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What are the advantages and disadvantages of globalization? Show more Show less

For its proponents, globalization improves citizens' lives via the unbridled distribution of jobs, capital, and technology across international borders, promoting peace through deeper economic ties between nations. For its detractors, the globalized movement of goods and people has fueled inequality, led to the destruction of the environment, and created a race to the bottom, keeping workers' salaries low and eroding workplace protections.

Globalization is good Show more Show less

Globalization has created jobs, lowered the price of consumer goods, fuelled innovation and contributed to peace on earth.
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Globalization creates jobs

Economic liberalization has made it easier for companies to relocate, allowing them to rapidly scale up and create new jobs.
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Context

Economic globalization, the increased flows of goods, capital and production across international borders, has had a significant impact on global employment. This impact has been resoundingly positive. Although on a micro-level, some specific industry jobs in some economies have decreased in volume, on a macro-level, the number of jobs available across the globe is at a record high.[1]

The Argument

Globalization has enhanced firms' abilities to relocate their production processes without obstruction or barrier. This allows firms to rapidly scale up and reduce overhead costs by outsourcing processes to nations with cheaper labour costs. This free flow of labour increases the total number of global jobs. For example, imagine a UK-based bank decides to relocate its customer service operations to India. It hires 500 English speaking Indian workers to work in its call centre, bringing 500 jobs to the Indian economy. The workers that lost their jobs in the UK would then go on to upskill and find work in other sectors.[2] Even in nations with higher labour costs, globalization has a positive impact on job numbers. In the years before the 2008 financial crisis, when economic liberalization and globalization were bringing jobs to developing nations with low-cost labor, highly open economies with high labor costs like those in Scandinavia or Switzerland did not see their unemployment rates increase.[3] Since the 1990s, the unemployment rate in developed nations has fallen. In 2007, the average unemployment rate across OECD nations had dropped to its lowest level since the 1980s.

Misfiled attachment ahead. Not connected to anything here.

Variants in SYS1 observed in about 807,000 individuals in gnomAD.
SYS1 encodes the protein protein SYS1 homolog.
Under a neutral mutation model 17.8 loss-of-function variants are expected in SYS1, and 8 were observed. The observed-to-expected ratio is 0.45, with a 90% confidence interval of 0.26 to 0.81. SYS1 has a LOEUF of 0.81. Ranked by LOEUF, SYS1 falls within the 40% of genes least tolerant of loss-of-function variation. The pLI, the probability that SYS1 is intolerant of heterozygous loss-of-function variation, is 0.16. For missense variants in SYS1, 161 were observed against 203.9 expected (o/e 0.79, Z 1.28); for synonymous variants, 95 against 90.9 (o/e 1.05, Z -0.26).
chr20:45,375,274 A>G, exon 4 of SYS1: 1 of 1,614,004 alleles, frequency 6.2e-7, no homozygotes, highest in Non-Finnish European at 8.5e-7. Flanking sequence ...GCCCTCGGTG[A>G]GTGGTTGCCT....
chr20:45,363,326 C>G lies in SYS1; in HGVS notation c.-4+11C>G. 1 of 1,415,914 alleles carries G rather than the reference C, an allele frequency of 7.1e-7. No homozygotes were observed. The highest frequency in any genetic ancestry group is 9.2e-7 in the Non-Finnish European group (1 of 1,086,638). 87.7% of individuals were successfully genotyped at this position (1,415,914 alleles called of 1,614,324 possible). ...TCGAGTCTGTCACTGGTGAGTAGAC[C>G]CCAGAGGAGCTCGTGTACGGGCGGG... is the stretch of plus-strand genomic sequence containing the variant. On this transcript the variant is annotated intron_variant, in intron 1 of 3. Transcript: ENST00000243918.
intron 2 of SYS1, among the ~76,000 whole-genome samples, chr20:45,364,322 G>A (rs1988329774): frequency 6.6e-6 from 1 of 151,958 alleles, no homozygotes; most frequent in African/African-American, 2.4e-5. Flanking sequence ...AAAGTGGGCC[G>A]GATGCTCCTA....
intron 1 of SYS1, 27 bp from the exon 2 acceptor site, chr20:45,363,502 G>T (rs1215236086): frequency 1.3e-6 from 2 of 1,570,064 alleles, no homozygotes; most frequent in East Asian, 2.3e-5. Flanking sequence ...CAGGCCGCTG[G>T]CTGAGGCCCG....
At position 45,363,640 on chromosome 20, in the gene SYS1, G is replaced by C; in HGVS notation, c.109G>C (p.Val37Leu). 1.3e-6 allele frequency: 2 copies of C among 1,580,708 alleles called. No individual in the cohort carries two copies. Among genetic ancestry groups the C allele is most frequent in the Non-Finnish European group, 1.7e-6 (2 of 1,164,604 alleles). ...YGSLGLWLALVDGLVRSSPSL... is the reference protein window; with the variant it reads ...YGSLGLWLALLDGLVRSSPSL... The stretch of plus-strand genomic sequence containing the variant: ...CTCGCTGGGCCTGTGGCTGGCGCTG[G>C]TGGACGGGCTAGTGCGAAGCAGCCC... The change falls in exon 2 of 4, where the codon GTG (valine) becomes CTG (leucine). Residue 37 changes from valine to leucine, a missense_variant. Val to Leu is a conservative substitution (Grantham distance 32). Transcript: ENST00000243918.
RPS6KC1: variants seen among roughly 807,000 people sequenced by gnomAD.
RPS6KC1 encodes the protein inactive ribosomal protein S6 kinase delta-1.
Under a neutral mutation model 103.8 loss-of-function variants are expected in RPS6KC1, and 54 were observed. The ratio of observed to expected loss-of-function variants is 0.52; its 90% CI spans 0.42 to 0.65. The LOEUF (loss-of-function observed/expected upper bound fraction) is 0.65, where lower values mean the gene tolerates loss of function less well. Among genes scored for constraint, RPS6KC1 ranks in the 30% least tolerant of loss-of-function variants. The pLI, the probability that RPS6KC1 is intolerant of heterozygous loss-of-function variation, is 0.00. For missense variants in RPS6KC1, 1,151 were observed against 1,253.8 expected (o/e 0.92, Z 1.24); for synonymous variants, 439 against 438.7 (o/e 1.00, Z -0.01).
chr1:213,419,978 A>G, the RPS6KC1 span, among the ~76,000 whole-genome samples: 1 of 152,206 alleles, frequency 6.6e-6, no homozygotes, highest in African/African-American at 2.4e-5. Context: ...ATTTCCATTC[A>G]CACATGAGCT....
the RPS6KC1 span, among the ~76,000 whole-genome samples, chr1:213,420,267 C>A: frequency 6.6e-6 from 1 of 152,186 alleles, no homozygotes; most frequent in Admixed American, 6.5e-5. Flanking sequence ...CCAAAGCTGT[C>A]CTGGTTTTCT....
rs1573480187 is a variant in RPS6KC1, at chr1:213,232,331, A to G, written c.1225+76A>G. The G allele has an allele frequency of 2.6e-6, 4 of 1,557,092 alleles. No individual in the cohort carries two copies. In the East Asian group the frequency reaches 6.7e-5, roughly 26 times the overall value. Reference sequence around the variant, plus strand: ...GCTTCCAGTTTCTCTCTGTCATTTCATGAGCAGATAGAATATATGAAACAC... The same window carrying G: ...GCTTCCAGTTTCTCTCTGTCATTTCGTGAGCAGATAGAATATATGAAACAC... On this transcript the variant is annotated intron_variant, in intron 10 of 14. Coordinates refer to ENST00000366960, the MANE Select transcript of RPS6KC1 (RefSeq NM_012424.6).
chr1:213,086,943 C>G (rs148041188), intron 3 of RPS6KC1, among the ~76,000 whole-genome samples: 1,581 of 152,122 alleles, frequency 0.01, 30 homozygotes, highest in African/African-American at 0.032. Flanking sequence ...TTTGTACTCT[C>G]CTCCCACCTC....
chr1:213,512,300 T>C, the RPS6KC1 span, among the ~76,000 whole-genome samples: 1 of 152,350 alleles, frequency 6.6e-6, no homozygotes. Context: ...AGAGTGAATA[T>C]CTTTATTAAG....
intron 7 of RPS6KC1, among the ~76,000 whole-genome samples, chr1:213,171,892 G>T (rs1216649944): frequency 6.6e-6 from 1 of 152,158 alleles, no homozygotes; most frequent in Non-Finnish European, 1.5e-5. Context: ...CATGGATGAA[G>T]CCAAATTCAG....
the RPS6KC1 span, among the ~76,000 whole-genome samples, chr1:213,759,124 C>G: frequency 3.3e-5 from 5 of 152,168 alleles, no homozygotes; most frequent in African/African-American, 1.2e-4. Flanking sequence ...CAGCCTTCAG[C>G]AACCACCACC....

Counter arguments

Globalization doesn’t create jobs, it merely relocates the jobs to other economies. When a company moves operations to an economy with lower labor costs, it often employs the same number of workers in the new country and lays off the existing workers in the economy with higher labor costs. Globalization and the increased flow of products and labour across borders has resulted in increased imports among nations with higher labour costs and increased export rates in economies with low-cost labor. As the import rate drops, the national job growth rate falls and the total volume of jobs contracts. Globalisation has not created more jobs, it has simply redistributed the existing jobs to other parts of the globe.[2]

Framing

Premises

[P1] Globalization allows firms to easily move operations across international borders. [P2] This allows them to rapidly scale-up and reduce overheads. [P3] This creates more jobs.

Rejecting the premises

[Rejecting P3] This doesn't create jobs, it merely redistributes them.

Proponents

Further Reading

References

  1. https://ec.europa.eu/eurostat/documents/1001617/4576272/SESSION-II-DOC-4.pdf
  2. https://www.wto.org/english/res_e/booksp_e/glob_soc_sus_e_chap1_e.pdf
  3. https://www.oecd-ilibrary.org/docserver/9789264111905-7-en.pdf?expires=1580228544&id=id&accname=guest&checksum=B94E6259802E2E4E47BB7E9FF7442A7D

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This page was last edited on Thursday, 13 Feb 2020 at 16:48 UTC